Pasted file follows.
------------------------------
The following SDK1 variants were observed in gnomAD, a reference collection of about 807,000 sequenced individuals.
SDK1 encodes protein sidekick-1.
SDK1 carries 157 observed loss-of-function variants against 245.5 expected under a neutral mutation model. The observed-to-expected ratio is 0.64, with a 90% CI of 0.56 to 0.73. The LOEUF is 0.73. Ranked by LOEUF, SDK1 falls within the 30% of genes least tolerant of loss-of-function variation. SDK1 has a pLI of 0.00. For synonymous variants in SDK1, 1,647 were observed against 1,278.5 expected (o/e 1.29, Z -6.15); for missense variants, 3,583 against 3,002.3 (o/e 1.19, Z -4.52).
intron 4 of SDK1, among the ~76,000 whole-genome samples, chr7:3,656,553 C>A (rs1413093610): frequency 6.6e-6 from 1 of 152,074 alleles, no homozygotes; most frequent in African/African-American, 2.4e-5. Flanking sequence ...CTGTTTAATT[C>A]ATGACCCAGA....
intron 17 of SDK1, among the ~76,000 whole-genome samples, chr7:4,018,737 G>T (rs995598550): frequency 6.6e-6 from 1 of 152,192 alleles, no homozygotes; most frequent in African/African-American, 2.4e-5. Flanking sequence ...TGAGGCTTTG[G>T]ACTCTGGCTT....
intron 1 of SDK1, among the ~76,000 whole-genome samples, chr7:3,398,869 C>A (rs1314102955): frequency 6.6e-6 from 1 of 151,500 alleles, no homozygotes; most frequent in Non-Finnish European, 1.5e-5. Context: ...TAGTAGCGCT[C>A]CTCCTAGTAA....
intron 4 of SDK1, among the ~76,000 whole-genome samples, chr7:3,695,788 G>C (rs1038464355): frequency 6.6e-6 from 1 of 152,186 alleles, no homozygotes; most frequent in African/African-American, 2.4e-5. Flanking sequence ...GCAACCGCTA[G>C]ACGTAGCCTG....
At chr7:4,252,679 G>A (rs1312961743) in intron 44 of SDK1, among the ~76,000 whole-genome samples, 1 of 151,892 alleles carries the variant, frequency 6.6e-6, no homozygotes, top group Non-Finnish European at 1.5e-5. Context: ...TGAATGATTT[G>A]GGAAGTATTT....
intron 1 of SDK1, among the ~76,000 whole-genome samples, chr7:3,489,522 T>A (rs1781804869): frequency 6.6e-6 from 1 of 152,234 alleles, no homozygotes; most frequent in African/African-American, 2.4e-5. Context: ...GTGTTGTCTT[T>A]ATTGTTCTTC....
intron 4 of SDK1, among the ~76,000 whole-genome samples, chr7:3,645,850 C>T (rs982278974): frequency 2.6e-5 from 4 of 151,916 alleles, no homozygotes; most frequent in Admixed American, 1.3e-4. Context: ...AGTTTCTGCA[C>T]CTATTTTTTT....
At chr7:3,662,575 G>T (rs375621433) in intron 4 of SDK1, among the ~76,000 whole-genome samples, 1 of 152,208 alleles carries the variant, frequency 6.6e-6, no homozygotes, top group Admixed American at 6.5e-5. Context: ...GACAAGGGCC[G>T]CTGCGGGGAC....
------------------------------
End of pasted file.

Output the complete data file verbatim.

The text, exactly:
The following SDK1 variants were observed in gnomAD, a reference collection of about 807,000 sequenced individuals.
SDK1 encodes protein sidekick-1.
SDK1 carries 157 observed loss-of-function variants against 245.5 expected under a neutral mutation model. The observed-to-expected ratio is 0.64, with a 90% CI of 0.56 to 0.73. The LOEUF is 0.73. Ranked by LOEUF, SDK1 falls within the 30% of genes least tolerant of loss-of-function variation. SDK1 has a pLI of 0.00. For synonymous variants in SDK1, 1,647 were observed against 1,278.5 expected (o/e 1.29, Z -6.15); for missense variants, 3,583 against 3,002.3 (o/e 1.19, Z -4.52).
intron 4 of SDK1, among the ~76,000 whole-genome samples, chr7:3,656,553 C>A (rs1413093610): frequency 6.6e-6 from 1 of 152,074 alleles, no homozygotes; most frequent in African/African-American, 2.4e-5. Flanking sequence ...CTGTTTAATT[C>A]ATGACCCAGA....
intron 17 of SDK1, among the ~76,000 whole-genome samples, chr7:4,018,737 G>T (rs995598550): frequency 6.6e-6 from 1 of 152,192 alleles, no homozygotes; most frequent in African/African-American, 2.4e-5. Flanking sequence ...TGAGGCTTTG[G>T]ACTCTGGCTT....
intron 1 of SDK1, among the ~76,000 whole-genome samples, chr7:3,398,869 C>A (rs1314102955): frequency 6.6e-6 from 1 of 151,500 alleles, no homozygotes; most frequent in Non-Finnish European, 1.5e-5. Context: ...TAGTAGCGCT[C>A]CTCCTAGTAA....
intron 4 of SDK1, among the ~76,000 whole-genome samples, chr7:3,695,788 G>C (rs1038464355): frequency 6.6e-6 from 1 of 152,186 alleles, no homozygotes; most frequent in African/African-American, 2.4e-5. Flanking sequence ...GCAACCGCTA[G>C]ACGTAGCCTG....
At chr7:4,252,679 G>A (rs1312961743) in intron 44 of SDK1, among the ~76,000 whole-genome samples, 1 of 151,892 alleles carries the variant, frequency 6.6e-6, no homozygotes, top group Non-Finnish European at 1.5e-5. Context: ...TGAATGATTT[G>A]GGAAGTATTT....
intron 1 of SDK1, among the ~76,000 whole-genome samples, chr7:3,489,522 T>A (rs1781804869): frequency 6.6e-6 from 1 of 152,234 alleles, no homozygotes; most frequent in African/African-American, 2.4e-5. Context: ...GTGTTGTCTT[T>A]ATTGTTCTTC....
intron 4 of SDK1, among the ~76,000 whole-genome samples, chr7:3,645,850 C>T (rs982278974): frequency 2.6e-5 from 4 of 151,916 alleles, no homozygotes; most frequent in Admixed American, 1.3e-4. Context: ...AGTTTCTGCA[C>T]CTATTTTTTT....
At chr7:3,662,575 G>T (rs375621433) in intron 4 of SDK1, among the ~76,000 whole-genome samples, 1 of 152,208 alleles carries the variant, frequency 6.6e-6, no homozygotes, top group Admixed American at 6.5e-5. Context: ...GACAAGGGCC[G>T]CTGCGGGGAC....